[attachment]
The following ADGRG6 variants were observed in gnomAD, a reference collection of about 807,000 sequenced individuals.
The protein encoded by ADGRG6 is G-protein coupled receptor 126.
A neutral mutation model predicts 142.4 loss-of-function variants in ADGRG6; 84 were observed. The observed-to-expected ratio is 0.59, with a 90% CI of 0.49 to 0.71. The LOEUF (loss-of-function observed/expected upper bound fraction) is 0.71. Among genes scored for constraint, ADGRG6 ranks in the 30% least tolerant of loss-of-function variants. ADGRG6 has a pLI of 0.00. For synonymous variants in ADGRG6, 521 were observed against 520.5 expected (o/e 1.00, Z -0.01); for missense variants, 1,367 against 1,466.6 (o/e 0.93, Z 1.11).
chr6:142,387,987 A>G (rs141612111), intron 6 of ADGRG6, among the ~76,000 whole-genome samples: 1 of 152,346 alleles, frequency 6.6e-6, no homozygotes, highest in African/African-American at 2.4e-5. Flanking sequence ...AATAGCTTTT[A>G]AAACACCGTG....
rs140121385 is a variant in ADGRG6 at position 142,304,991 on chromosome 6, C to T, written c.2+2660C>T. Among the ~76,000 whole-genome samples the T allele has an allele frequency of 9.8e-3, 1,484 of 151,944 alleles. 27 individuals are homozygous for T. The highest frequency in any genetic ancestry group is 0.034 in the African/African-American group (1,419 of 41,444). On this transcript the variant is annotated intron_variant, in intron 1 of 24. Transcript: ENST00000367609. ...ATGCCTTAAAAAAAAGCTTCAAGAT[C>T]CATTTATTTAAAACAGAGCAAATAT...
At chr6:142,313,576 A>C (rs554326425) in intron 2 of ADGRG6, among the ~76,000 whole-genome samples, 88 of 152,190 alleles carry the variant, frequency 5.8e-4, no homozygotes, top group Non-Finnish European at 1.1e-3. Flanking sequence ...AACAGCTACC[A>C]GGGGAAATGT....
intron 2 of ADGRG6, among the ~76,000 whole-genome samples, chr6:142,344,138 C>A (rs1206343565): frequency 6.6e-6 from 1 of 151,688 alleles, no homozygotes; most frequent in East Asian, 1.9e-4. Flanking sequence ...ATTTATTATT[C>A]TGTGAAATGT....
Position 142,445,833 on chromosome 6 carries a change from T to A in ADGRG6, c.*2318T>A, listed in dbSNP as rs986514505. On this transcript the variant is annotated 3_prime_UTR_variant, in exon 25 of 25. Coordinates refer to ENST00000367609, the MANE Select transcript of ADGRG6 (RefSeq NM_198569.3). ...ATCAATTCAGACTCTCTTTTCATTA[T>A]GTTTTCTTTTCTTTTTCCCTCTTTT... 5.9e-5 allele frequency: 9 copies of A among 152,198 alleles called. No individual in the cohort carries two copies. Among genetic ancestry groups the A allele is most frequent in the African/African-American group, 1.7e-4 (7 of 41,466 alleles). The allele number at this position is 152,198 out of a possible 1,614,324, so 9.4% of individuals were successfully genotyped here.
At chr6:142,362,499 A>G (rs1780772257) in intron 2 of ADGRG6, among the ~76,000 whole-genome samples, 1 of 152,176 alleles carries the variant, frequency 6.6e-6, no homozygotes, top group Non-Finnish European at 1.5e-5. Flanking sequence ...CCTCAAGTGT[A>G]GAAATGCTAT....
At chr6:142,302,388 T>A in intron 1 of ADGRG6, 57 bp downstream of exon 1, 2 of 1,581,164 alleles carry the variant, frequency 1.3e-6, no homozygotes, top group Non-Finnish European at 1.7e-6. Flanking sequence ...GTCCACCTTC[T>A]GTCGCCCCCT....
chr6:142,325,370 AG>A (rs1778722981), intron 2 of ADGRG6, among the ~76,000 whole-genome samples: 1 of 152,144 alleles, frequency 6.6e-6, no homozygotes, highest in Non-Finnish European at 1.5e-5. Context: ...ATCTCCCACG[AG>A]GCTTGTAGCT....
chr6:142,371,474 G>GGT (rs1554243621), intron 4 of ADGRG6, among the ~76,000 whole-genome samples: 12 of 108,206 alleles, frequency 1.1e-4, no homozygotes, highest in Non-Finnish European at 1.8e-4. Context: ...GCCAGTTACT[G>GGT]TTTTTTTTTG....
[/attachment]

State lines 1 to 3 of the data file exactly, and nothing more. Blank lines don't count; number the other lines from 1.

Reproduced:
The following ADGRG6 variants were observed in gnomAD, a reference collection of about 807,000 sequenced individuals.
The protein encoded by ADGRG6 is G-protein coupled receptor 126.
A neutral mutation model predicts 142.4 loss-of-function variants in ADGRG6; 84 were observed. The observed-to-expected ratio is 0.59, with a 90% CI of 0.49 to 0.71. The LOEUF (loss-of-function observed/expected upper bound fraction) is 0.71. Among genes scored for constraint, ADGRG6 ranks in the 30% least tolerant of loss-of-function variants. ADGRG6 has a pLI of 0.00. For synonymous variants in ADGRG6, 521 were observed against 520.5 expected (o/e 1.00, Z -0.01); for missense variants, 1,367 against 1,466.6 (o/e 0.93, Z 1.11).